DEEP IN DEBT?
Critical Steps to Win Over Creditors
Whether a debt obligation is $1,000 or in the millions, the overall advice for handling debt negotiation remains the same: communicate, consult with the appropriate experts and proceed with caution.
Soble, an attorney for 23 years, has worked on both sides of the debtor-creditor negotiation table, representing various multi-billion dollar banks and national finance companies as well as helping small business owners and homeowners. Here are five critical pointers he says have helped his clients succeed in negotiating their debt.
- Stay in touch with creditors. Times are tough for everyone. While it may not feel good, keeping the lines of communication open benefits both parties. Banks and creditors want to work out a payment arrangement. Ignoring and avoiding creditors gives them no alternative but to escalate collection action.
- Contact a credit professional early in the process. For those who are uncomfortable with negotiating, contacting a professional about a debt issue may be the answer. Reach out to a non-profit credit or debt counselor early in the process. Procrastinating can make the situation worse.
- Consult with the right kind of attorney. “Short sales” on properties are more common these days, yet going through a “short sale” does not automatically relieve the obligation to the bank. Mortgage obligations are written contracts, and real estate agents cannot interpret or provide advice on the law. Not all attorneys specialize in real estate or debt resolution, either. Talking with the proper professional can prevent costly mistakes.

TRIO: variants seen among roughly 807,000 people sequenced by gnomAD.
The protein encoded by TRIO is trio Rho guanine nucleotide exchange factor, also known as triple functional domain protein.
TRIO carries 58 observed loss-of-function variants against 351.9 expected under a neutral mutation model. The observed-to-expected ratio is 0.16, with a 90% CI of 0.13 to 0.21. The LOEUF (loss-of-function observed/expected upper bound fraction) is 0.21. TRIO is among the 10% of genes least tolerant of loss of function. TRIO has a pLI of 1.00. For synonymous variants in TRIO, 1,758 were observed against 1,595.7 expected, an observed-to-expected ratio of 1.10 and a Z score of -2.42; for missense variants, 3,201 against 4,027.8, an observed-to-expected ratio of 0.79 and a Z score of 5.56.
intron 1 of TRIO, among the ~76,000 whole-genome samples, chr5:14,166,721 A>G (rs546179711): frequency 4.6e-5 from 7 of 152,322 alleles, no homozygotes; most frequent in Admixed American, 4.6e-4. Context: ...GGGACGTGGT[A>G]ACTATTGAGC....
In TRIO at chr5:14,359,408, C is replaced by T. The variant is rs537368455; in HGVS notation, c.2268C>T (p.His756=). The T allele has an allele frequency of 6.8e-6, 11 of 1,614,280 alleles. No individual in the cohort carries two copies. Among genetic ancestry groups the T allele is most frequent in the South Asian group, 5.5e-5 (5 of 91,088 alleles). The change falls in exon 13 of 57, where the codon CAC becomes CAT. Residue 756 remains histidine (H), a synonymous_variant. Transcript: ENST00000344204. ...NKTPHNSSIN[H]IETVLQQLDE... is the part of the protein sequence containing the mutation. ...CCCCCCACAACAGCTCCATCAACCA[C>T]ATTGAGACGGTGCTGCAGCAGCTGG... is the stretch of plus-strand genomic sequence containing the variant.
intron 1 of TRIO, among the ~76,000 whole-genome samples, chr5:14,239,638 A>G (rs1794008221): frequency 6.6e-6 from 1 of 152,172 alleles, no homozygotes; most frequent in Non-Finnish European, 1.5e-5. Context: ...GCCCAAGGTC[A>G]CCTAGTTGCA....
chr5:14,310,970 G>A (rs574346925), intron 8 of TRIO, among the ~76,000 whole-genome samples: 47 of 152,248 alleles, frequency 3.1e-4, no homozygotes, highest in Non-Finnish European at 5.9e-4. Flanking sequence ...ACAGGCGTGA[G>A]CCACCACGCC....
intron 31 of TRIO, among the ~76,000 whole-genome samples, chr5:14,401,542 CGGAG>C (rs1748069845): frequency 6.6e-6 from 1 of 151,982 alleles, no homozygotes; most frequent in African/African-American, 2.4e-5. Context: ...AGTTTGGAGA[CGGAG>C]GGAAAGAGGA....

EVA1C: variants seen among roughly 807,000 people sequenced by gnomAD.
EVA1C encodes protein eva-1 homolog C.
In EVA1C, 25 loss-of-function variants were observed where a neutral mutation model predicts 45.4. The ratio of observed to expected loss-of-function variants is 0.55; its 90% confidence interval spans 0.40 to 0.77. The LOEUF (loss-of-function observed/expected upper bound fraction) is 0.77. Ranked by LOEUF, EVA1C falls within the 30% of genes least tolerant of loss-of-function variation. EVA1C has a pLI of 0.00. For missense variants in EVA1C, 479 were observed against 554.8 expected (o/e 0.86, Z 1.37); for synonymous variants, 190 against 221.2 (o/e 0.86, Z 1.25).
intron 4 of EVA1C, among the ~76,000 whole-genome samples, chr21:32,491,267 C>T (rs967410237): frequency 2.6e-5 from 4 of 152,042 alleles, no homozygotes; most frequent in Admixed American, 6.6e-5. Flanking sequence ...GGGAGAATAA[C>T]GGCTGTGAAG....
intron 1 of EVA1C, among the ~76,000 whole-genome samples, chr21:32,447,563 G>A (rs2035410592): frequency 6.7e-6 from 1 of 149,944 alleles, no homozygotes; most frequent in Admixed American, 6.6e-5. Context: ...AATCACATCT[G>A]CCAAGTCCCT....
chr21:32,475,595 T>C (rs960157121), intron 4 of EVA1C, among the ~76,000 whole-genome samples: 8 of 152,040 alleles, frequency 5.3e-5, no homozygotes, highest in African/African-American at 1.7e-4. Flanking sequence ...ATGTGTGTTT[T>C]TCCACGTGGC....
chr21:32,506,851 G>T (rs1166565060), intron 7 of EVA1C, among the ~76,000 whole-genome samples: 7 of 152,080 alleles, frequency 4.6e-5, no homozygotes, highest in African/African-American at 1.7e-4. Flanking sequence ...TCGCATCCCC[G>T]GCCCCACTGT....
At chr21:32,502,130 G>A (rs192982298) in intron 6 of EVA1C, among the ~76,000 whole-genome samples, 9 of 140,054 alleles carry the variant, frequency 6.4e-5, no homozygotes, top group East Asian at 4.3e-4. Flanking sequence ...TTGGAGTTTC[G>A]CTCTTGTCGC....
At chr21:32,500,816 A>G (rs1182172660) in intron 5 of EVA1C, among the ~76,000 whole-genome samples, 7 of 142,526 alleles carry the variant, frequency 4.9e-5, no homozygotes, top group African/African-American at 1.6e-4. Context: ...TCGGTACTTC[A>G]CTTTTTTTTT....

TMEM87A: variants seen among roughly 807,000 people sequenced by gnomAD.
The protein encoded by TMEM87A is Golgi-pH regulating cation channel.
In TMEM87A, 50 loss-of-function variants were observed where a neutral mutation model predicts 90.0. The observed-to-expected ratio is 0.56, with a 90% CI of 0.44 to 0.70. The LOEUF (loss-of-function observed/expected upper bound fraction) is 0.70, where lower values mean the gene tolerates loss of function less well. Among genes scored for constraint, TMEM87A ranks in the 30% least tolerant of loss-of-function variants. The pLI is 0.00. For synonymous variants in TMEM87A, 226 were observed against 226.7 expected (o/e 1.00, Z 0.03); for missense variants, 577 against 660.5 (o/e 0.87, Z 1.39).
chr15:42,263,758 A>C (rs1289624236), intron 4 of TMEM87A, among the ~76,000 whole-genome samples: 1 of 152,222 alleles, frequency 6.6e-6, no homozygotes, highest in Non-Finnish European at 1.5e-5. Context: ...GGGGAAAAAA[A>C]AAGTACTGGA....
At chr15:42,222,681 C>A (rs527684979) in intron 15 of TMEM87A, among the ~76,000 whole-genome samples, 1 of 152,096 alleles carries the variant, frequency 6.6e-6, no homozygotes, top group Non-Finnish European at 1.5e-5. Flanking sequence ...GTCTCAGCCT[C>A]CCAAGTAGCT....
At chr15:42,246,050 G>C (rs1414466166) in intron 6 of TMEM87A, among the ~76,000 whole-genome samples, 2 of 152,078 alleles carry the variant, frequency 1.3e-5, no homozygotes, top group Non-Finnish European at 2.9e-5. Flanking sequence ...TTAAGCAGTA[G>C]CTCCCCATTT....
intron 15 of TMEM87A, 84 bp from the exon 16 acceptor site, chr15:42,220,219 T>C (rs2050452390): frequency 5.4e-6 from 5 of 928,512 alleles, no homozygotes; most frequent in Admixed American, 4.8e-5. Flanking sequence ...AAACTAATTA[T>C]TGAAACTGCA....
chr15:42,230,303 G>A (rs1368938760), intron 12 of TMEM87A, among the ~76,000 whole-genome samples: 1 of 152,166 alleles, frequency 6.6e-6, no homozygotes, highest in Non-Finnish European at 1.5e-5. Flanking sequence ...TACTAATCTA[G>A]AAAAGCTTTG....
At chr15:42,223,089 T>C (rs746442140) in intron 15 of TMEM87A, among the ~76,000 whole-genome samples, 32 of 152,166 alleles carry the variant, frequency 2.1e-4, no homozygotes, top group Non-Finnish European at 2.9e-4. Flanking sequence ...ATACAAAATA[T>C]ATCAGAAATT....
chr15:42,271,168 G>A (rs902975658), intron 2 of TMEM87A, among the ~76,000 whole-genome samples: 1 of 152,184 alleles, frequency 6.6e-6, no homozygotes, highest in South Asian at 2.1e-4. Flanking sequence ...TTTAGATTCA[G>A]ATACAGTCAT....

- Never sign a blank document and watch those page numbers. How many business owners have lost thousands of dollars by signing blank forms? Plenty. Don’t become one of them. If a document has a blank page, draw a large “X” across it and initial it to prevent later insertions. Another safeguard is to make sure the document is properly numbered; if it has 7 pages, they should read “1 of 7”, “2 of 7″ and so on. It’s a protection against fraudulent or doctored paperwork.
5. Be on the lookout for scam artists. Avoid individuals who aren’t properly credentialed. That should be a top priority. Anyone involved with a real estate transaction needs to be licensed, from federally-regulated loan officers to state-regulated real estate agents and attorneys. And even then, ensure that the professional has the experience and reputation necessary to help out in a financial or legal crisis.